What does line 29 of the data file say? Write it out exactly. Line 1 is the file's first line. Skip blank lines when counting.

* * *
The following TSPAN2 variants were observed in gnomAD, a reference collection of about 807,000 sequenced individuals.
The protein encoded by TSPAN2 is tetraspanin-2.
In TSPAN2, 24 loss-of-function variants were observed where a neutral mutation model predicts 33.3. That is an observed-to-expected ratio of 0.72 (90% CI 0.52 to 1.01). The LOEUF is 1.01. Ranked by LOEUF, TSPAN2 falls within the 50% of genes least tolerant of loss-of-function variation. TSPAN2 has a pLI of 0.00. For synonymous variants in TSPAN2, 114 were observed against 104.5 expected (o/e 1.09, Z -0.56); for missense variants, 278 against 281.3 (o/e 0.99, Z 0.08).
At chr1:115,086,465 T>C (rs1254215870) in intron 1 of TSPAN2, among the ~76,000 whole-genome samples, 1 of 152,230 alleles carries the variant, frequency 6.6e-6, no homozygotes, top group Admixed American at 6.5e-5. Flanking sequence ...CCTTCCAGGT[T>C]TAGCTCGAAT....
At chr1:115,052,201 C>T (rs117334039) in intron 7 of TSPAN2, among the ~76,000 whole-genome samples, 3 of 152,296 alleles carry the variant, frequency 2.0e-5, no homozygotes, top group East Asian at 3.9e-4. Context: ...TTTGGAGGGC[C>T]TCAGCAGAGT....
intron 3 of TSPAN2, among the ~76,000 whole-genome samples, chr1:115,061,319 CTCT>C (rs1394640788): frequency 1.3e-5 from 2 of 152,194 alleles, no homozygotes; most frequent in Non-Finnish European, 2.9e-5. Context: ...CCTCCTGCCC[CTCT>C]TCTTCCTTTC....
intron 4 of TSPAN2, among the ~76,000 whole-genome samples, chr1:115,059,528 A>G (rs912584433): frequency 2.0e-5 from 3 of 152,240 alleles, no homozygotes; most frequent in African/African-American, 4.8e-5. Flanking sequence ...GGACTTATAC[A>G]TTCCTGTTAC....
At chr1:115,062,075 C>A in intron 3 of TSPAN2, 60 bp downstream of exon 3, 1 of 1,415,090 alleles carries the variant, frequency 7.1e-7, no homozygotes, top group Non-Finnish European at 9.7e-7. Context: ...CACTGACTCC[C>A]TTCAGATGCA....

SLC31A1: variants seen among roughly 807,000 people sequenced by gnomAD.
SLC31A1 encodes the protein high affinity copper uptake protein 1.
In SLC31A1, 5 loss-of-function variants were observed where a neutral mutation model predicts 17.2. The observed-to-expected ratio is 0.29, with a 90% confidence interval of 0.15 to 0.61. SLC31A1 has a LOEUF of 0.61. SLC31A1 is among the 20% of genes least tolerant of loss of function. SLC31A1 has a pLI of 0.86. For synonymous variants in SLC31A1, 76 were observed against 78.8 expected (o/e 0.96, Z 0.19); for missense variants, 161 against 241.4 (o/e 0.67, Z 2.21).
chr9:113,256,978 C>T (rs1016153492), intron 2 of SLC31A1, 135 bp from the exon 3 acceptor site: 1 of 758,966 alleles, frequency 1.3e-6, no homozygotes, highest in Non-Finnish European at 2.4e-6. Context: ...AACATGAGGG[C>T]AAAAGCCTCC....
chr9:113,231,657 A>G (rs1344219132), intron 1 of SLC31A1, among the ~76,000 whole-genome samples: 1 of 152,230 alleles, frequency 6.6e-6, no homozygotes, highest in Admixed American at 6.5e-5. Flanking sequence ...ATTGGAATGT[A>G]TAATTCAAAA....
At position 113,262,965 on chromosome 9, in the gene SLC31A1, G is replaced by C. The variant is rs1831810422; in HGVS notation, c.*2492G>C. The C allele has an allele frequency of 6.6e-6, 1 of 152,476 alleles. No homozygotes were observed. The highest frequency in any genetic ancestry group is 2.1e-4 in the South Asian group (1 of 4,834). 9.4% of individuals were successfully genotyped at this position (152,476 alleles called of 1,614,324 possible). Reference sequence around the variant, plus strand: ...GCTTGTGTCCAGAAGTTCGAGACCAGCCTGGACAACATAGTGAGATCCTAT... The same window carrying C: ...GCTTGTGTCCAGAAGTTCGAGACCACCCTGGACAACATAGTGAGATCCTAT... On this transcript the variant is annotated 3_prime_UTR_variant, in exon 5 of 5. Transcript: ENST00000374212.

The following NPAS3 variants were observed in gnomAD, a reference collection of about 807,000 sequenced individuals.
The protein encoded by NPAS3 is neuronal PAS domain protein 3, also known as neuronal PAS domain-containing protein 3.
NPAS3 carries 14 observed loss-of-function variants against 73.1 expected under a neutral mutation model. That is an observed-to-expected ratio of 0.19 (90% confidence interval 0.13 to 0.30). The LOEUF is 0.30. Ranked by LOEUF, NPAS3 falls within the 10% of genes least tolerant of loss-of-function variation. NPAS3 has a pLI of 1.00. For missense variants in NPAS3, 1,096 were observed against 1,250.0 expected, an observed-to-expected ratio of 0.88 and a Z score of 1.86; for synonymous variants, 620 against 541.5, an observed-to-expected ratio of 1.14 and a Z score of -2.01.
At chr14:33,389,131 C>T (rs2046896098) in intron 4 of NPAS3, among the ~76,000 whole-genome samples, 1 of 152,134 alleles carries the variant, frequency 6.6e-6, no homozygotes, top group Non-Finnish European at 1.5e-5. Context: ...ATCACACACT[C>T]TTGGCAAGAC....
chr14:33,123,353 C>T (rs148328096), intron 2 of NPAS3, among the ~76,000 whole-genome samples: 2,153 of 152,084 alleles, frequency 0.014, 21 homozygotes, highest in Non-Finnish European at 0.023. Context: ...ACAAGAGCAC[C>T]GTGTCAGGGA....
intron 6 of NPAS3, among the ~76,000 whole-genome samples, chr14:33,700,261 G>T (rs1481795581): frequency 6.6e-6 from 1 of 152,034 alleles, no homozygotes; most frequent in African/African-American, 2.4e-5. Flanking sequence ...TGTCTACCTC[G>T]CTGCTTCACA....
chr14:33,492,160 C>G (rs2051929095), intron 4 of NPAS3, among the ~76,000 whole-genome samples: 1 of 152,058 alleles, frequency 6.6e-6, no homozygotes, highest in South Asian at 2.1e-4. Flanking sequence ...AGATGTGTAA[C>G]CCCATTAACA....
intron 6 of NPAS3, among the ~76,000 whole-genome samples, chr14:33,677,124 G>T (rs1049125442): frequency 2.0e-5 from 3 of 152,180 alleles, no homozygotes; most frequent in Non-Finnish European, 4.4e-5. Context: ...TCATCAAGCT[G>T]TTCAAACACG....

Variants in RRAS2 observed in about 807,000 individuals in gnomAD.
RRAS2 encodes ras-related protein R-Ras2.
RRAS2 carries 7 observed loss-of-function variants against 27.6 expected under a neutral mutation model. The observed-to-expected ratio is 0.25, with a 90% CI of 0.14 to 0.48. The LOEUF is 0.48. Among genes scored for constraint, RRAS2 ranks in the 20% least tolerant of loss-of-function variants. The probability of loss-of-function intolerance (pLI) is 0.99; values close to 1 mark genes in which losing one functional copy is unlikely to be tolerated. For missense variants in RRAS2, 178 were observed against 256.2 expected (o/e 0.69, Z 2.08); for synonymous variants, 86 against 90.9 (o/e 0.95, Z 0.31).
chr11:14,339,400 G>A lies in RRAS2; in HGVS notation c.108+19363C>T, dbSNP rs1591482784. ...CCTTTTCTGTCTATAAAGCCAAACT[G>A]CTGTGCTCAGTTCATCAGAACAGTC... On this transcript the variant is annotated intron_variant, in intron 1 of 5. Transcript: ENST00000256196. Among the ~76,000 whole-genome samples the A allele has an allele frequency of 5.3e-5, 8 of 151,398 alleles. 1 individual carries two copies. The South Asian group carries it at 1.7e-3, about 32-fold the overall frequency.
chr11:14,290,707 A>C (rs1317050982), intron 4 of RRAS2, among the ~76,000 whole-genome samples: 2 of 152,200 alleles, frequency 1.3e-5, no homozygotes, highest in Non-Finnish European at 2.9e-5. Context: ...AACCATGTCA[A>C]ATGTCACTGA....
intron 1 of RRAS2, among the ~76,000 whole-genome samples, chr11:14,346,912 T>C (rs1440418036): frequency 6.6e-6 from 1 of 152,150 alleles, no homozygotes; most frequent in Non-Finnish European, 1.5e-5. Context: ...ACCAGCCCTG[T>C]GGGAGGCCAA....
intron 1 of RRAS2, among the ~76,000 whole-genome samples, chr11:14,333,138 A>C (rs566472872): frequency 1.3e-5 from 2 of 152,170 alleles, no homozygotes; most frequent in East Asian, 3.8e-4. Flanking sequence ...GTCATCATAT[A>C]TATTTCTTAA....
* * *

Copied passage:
intron 1 of RRAS2, among the ~76,000 whole-genome samples, chr11:14,333,138 A>C (rs566472872): frequency 1.3e-5 from 2 of 152,170 alleles, no homozygotes; most frequent in East Asian, 3.8e-4. Flanking sequence ...GTCATCATAT[A>C]TATTTCTTAA....